[Frontiers in Bioscience 2, e34-40, August 1, 1997]|
PANCREAS TRANSPLANTATION: INDICATIONS, CLINICAL MANAGEMENT, AND OUTCOMES
John P. Leone, MD, PhD1, Abhinav Humar1 , Rainer W. G. Gruessner, MD, PhD2, and David E.R. Sutherland, MD3
1Transplant Fellow, Department of Surgery, University of Minnesota, Minneapolis, Minnesota, 2Professor & Chief, Section of Pancreatic Transplantation, Department of Surgery University of Minnesota, Minneapolis, Minnesota, 3Professor & Chief, Division of Transplantation, Department of Surgery, University of Minnesota, Minneapolis, Minnesota
Received 6/15/97; Accepted 6/23/97; On-line 7/25/97
4. ORGAN AVAILABILITY & CONTRAINDICATIONS TO DONATION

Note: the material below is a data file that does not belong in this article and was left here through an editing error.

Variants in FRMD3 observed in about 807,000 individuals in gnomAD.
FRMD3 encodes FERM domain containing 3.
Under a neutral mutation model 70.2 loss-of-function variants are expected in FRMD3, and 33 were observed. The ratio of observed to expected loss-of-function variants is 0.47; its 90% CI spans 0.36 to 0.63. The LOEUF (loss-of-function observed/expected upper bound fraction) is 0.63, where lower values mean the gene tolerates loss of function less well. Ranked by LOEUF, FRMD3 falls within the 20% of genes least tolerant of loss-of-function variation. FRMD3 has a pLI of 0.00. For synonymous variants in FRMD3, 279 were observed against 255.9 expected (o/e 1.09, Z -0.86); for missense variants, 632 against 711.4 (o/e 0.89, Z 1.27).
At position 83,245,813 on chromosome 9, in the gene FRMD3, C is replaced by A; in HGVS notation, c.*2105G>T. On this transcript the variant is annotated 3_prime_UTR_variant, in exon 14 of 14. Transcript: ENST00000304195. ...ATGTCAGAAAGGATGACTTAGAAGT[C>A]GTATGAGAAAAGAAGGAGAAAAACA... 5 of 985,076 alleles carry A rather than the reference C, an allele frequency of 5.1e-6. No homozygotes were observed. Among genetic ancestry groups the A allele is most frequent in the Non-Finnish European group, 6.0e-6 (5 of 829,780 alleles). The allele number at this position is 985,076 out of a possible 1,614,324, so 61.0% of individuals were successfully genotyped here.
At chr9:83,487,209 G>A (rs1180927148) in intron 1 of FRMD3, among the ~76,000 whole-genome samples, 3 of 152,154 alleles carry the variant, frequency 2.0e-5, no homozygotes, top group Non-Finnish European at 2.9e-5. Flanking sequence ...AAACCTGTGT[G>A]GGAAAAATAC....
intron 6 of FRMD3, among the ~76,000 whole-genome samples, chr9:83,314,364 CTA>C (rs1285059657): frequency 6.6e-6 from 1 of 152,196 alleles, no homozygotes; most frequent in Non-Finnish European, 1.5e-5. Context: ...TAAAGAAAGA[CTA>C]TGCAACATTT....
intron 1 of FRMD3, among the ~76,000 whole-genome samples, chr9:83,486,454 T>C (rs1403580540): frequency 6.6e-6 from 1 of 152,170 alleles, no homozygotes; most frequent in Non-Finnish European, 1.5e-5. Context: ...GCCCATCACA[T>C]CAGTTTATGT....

Pancreata can be procured from virtually every available cadaver from which other organs are retrieved. Presently, the standard of practice is to obtain the kidneys, liver, and pancreas from a single donor. However, the pancreas can be technically difficult to procure due to its anatomical location and vascular anatomy. Rarely, the pancreas may not be recovered if the liver is at risk during organ procurement. Similarly, if small bowel transplantation continues to progress at its present pace, modifications in procurement technique will have to accommodate the shared blood supply of the small intestine and pancreas.
Contraindications to the use of a donor pancreas include history of diabetes mellitus (Types 1 or 2), malignancy, acute pancreatitis, injury to the pancreas occurring during procurement, and advanced donor age (9).